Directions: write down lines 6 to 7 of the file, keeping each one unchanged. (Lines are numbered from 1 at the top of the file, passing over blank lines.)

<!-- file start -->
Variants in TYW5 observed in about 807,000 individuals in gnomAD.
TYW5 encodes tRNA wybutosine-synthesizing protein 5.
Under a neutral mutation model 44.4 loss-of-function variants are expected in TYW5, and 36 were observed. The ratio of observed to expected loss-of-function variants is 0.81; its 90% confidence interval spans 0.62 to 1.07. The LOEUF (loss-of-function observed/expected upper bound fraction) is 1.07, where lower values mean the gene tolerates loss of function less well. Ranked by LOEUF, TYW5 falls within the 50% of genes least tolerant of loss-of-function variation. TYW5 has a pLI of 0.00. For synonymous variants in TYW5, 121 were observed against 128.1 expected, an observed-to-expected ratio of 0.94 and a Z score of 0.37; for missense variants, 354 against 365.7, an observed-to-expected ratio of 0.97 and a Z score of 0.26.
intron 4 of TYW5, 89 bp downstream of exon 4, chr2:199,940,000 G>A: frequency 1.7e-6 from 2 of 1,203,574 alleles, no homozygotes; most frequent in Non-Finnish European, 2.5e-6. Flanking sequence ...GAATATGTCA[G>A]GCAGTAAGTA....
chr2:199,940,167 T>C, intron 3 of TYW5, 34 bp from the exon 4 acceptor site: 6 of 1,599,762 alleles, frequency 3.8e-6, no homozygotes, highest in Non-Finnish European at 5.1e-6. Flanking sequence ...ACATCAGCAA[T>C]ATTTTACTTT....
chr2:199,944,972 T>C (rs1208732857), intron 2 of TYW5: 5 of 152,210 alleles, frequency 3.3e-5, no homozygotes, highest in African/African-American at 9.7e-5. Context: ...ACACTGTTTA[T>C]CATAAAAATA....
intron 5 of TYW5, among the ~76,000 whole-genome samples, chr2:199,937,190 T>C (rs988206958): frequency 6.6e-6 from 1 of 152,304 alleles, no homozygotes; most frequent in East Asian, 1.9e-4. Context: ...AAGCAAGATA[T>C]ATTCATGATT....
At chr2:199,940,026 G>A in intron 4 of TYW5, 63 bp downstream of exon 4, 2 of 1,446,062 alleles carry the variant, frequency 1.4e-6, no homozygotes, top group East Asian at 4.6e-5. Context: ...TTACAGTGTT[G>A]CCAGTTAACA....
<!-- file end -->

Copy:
chr2:199,944,972 T>C (rs1208732857), intron 2 of TYW5: 5 of 152,210 alleles, frequency 3.3e-5, no homozygotes, highest in African/African-American at 9.7e-5. Context: ...ACACTGTTTA[T>C]CATAAAAATA....
intron 5 of TYW5, among the ~76,000 whole-genome samples, chr2:199,937,190 T>C (rs988206958): frequency 6.6e-6 from 1 of 152,304 alleles, no homozygotes; most frequent in East Asian, 1.9e-4. Context: ...AAGCAAGATA[T>C]ATTCATGATT....